1. The Brisbane Central Zone Chairmanship. One of the few former Liberal Party strongholds left in the Party is set to be taken by former Liberal Party Vice President Bob Harper. Recently, rumours have surfaced that Harper who has been closely working with former Nationals Tamara Foong (former candidate for Mt Ommaney) and David Goodwin (YLNP powerbroker) have stacked more than 150 members into the Mt Coo-tha Senior Branch in readiness for upcoming AGM. In addition more than 50 members aligned to David Goodwin have joined the Indooroopilly YLNP branch. Harper’s run is seen as “treacherous” by many former Liberal Party members who had supported him so strongly for VP at last year’s Liberal Party Convention before the merger. Harper who promised to fight the merger full-on is now seen as a “turncoat” in advance of his own political interests. Harper is now considered to be a “Nat” among many in the Party.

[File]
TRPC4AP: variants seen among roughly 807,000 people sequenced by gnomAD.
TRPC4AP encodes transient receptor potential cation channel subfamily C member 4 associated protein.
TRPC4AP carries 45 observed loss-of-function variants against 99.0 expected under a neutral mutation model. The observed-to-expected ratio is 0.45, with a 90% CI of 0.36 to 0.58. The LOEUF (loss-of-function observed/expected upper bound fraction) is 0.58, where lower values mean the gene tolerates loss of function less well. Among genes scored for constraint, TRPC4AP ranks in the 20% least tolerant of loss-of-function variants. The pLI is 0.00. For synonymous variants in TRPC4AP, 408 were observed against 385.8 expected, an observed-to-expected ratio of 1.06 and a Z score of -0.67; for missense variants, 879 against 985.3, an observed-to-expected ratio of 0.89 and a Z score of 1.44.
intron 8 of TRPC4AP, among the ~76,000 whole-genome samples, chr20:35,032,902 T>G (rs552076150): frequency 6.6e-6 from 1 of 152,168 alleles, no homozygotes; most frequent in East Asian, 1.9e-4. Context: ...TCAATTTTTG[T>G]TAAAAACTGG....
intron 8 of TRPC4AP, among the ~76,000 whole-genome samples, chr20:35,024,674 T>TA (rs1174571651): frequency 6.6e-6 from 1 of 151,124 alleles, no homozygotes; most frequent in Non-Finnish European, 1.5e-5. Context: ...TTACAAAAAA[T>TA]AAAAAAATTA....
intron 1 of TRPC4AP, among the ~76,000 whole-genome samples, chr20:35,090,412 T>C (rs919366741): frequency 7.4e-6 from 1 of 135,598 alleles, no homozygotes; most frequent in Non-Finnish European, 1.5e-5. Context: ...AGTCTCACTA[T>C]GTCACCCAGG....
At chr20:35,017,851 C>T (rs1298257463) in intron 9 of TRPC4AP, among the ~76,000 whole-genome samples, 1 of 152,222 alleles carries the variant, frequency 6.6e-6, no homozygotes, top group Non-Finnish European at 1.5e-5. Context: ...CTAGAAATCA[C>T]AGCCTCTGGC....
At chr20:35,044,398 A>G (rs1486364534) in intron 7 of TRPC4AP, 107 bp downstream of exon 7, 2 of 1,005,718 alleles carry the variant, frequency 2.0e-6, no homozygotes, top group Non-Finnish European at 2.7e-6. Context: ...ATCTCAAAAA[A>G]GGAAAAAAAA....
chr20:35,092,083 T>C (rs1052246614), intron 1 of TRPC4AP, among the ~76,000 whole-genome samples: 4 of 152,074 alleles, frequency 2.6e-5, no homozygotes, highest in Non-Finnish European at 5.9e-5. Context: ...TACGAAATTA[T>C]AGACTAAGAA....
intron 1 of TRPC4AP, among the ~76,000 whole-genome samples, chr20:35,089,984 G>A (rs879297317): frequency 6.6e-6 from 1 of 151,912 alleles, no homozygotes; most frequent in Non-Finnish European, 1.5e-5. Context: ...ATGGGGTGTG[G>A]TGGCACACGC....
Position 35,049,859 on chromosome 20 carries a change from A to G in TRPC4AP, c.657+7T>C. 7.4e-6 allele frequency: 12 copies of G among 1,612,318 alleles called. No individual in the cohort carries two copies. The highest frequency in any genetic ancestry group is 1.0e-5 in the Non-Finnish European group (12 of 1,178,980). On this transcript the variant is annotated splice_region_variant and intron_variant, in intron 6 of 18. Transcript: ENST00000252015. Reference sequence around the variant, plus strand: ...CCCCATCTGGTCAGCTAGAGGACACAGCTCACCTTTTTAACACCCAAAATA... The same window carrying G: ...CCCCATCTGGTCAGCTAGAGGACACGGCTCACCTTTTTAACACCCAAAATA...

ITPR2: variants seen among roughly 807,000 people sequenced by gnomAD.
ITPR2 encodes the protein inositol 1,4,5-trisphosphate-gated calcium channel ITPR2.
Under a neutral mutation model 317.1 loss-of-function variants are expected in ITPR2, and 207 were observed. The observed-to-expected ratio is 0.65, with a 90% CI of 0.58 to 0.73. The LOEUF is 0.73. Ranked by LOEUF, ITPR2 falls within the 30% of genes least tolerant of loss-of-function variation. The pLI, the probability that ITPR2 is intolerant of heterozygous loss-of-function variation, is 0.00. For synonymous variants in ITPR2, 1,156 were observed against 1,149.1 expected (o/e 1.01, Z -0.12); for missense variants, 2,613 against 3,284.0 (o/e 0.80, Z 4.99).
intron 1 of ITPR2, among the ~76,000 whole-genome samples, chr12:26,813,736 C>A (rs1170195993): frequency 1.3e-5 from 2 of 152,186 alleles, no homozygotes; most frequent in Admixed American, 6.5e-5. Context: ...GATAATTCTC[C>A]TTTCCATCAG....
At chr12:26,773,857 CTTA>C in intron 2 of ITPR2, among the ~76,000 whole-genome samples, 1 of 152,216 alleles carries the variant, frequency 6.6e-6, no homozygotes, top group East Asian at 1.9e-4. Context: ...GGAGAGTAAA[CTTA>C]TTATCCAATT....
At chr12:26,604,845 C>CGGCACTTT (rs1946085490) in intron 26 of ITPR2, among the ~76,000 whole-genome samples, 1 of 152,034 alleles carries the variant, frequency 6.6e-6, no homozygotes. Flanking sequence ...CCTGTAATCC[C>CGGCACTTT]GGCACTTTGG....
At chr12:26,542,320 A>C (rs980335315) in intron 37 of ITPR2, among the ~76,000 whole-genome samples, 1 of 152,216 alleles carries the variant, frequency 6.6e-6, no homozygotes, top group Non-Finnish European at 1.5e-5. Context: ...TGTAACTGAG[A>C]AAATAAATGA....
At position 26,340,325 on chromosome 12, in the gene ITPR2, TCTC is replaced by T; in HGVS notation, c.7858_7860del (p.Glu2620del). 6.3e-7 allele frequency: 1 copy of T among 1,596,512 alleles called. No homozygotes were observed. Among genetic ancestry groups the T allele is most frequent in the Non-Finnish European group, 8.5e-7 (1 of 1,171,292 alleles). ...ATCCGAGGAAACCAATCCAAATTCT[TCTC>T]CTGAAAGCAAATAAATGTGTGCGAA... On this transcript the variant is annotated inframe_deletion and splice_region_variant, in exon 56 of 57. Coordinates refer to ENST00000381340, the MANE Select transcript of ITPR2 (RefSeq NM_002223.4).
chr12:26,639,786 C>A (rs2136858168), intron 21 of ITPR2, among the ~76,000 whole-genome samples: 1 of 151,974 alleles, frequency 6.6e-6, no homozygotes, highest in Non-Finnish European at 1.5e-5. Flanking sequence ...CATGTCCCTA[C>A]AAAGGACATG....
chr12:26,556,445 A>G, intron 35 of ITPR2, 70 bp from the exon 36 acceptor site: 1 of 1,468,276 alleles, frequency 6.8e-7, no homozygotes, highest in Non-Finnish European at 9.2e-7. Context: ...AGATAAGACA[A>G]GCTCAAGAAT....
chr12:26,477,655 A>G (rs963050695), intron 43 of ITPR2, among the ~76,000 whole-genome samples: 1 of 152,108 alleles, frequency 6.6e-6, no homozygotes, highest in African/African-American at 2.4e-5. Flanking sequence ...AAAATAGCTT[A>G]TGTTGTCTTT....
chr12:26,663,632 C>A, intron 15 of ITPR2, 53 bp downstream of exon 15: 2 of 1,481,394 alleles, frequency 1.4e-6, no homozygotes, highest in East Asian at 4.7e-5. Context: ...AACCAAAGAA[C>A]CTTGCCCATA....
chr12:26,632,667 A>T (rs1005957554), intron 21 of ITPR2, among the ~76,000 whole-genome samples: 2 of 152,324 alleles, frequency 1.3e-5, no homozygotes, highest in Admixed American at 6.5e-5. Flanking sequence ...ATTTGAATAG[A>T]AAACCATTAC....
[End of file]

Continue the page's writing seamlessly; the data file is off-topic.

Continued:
2. Annual Convention. The LNP branches have been busily elected delegates to the 2009 Convention. Despite this, it is rumoured that the turnout will be extremely low. The LNP Secretariat has decided the registration fee for the Conference itself, not including dinners and special events, will be $175. The former Nationals and current President Bruce McIver are set to takeover the Party completely through a loophole in the Party’s Constitution. Under the Party’s constitution, any member living 300km or more from the location of Convention will be able to elect Party officials via proxies. This will mean that those in regional areas will be able to exercise their vote at Convention without paying the $175 registration fee. The fact that many former Liberals are from the urban centre of Brisbane, it is unlikely that many of these people will be exercising their vote if they have to pay the amount of money required to attend. As a result, Gary Spence (former Liberal Party president) is set to lose the Vice-Presidency of the Party.